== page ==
The problem of trading in uncertain times crept up on the Mentor Program Alumni forum and I have been thinking about my answer. The original answer I gave is shown below –
I think one of the things you need to be able to do is to define what uncertainty is. If you opt for volatility as a proxy for uncertainty then you see something quite interesting. The VIX which is known as the fear index and should reflect uncertainty is actually at sitting somewhere near its long term average, indicating that the players who make up this index don’t actually see any uncertainty and are not asking for an increase in the risk premium they demand. The same is true if you look at the historic volatility in the Dow which is also sitting at a 9 year low. From my perspective is the issue is not uncertainty in markets but uncertainty in decision making that is brought about by listening to external sources. If you switched off the news and all the associated commentary and simply looked at markets what would they tell you?
What has caused me to think further about this overnight is the notion of what actually is the uncertainty that is being referred to. Is it a true physical uncertainty or a psychological perception brought on by exposure to the narratives of others? I had a look at Wikipedia for a more formal definition of uncertainty and it gave the following –
Uncertainty is a situation which involves imperfect and/or unknown information. However, “uncertainty is an unintelligible expression without a straightforward description”. It arises in subtly different ways in a number of fields, including insurance, philosophy, physics, statistics, economics, finance, psychology, sociology, engineering, metrology, and information science. It applies to predictions of future events, to physical measurements that are already made, or to the unknown. Uncertainty arises in partially observable and/or stochastic environments, as well as due to ignorance and/or indolence.
You will notice that the definition holds at its core the uncertainty inherent in predicting future events. In fact the science of probability is based around trying to deal with the fact that the universe is an uncertain place. However, uncertainty is the default setting in trading – the outcome of all trades is unknown until they are closed. It is this uncertainty that gives us the potential to be profitable, investments that have known or certain outcomes have no risk premium attached as such they offer little in the way of return (think bank deposit). This definition is therefore of little use in unpacking the notion of a change in traders uncertainty quotient. Granted we can respond to changes in volatility and we have tools to measure this but this is a reasonably common occurrence in trading and there are strategies that can be put in place to deal with this. In fact very basic position sizing and volatility based stops self-correct to deal with this sort of problem.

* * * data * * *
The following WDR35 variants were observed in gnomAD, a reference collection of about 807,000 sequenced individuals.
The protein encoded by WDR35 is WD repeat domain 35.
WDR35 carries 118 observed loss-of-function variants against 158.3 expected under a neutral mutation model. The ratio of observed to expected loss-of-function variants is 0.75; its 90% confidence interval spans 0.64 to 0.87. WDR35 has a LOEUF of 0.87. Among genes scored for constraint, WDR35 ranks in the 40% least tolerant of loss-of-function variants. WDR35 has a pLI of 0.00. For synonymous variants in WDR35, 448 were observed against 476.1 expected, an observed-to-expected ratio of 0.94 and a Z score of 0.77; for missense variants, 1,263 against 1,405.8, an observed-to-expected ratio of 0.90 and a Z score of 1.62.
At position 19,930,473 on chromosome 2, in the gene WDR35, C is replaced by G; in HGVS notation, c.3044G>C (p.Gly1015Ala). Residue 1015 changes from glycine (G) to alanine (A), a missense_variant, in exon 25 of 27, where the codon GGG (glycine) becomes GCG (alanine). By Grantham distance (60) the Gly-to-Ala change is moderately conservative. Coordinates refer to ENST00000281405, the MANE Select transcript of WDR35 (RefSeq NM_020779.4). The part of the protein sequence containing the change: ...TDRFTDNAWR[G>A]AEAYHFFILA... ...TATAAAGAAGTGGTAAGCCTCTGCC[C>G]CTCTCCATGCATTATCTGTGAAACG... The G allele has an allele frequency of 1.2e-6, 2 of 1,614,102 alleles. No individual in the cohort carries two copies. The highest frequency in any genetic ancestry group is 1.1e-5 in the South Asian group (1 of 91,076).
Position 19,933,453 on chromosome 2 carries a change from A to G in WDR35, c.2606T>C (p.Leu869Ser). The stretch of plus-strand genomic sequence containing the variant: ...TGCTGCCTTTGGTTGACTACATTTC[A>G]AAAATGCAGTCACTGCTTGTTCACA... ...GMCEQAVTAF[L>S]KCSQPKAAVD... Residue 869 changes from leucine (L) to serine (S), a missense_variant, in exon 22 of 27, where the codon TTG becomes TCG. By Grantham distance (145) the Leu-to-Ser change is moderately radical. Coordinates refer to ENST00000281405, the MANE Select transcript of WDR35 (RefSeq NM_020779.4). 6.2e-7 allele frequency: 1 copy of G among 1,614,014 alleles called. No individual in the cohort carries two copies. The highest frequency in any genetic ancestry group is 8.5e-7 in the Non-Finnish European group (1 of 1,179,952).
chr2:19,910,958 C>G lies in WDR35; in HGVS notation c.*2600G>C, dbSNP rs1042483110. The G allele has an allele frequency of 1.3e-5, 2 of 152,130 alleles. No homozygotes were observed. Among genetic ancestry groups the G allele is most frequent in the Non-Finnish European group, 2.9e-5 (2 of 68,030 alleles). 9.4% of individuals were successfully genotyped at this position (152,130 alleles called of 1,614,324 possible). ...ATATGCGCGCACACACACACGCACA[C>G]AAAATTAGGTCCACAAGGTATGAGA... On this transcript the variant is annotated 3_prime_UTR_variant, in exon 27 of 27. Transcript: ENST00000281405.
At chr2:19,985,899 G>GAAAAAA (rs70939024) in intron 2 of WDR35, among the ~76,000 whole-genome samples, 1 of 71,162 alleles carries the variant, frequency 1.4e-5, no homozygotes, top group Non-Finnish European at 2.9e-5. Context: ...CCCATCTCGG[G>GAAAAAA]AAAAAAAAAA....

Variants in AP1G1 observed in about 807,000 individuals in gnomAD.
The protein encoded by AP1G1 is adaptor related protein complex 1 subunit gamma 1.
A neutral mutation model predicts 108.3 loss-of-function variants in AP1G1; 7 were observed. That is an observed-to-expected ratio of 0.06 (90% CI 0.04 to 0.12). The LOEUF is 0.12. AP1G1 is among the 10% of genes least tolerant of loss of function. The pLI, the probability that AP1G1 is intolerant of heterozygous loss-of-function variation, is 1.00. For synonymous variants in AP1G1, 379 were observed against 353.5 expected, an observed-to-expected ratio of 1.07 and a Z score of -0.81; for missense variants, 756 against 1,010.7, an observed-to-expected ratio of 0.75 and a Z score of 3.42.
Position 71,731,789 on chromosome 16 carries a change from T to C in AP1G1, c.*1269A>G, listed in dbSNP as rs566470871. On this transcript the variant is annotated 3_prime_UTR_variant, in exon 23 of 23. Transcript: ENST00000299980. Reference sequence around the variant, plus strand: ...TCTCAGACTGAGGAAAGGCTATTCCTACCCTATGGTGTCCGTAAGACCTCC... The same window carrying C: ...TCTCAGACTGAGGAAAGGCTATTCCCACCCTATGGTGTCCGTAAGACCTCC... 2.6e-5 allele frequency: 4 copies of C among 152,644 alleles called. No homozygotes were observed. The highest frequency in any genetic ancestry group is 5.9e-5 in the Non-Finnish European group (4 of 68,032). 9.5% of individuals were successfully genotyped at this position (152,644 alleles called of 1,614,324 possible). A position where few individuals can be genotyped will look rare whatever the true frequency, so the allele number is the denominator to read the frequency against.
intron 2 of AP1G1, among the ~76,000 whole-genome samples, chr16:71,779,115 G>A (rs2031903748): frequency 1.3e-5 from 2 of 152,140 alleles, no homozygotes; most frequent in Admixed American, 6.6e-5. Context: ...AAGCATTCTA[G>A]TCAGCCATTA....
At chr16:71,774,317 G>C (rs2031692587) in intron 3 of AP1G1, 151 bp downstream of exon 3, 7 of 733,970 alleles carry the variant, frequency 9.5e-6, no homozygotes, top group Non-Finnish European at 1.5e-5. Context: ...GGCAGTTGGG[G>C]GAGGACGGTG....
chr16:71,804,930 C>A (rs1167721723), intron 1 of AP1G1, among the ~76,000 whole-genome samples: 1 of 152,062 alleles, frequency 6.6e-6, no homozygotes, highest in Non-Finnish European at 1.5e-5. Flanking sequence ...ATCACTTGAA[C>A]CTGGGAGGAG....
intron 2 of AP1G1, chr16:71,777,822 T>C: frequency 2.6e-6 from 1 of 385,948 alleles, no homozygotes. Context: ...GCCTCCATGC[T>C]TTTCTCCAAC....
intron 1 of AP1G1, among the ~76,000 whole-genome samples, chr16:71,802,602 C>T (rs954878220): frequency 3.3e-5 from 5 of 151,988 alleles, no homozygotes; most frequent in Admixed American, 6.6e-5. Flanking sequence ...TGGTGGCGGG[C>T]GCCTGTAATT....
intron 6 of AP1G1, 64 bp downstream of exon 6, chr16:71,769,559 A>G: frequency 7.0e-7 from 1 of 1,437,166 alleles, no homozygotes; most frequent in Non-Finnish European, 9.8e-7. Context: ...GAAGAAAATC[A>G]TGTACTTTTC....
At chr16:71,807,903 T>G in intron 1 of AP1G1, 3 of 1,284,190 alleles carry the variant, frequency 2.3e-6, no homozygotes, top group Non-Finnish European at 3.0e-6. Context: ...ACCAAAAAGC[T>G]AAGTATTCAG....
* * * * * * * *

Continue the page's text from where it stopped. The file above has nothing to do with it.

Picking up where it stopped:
So I am drawn back to the idea that what actually changes is the tone and intensity of the narratives that people surround themselves with. This ever increasing crescendo of noise is bound to take an effect on peoples psyche particularity at present when the world appears to be spinning out of control. However, notice I used the expression appears, I used this term because appearances and reality are not the same thing. What brings some equilibrium back to the noise of others is as always context, the markets tell a completely different story. Whilst the breathless gibbering that is the media may consider the present to be the most troubled time in history and need to shout about it at every opportunity neither that markets nor history itself would agree.
This is the most salient point for traders with regards to what is considered uncertainty. Uncertainty is the environment within which we operate as a broad observation but beyond that it is actually the markets themselves that define what actually uncertainty is and they can do this by readily accessible metrics. When volatility and in turn risk premiums increase then we can say that uncertainty has increased. However, even here people try inject their own primitive narrative into events as the VIX which is a widely known measure of volatility is referred to as the fear index when it is nothing of the sort. However, this is the natural human desire for drama, we all have a friend or relative who is addicted to drama and those in the news media, particularly the financial arena and prime diva’s. So if you find yourself believing that uncertainty has increased but markets don’t agree then you will need to do something about what leaks into your brain.
Author: Chris Tate
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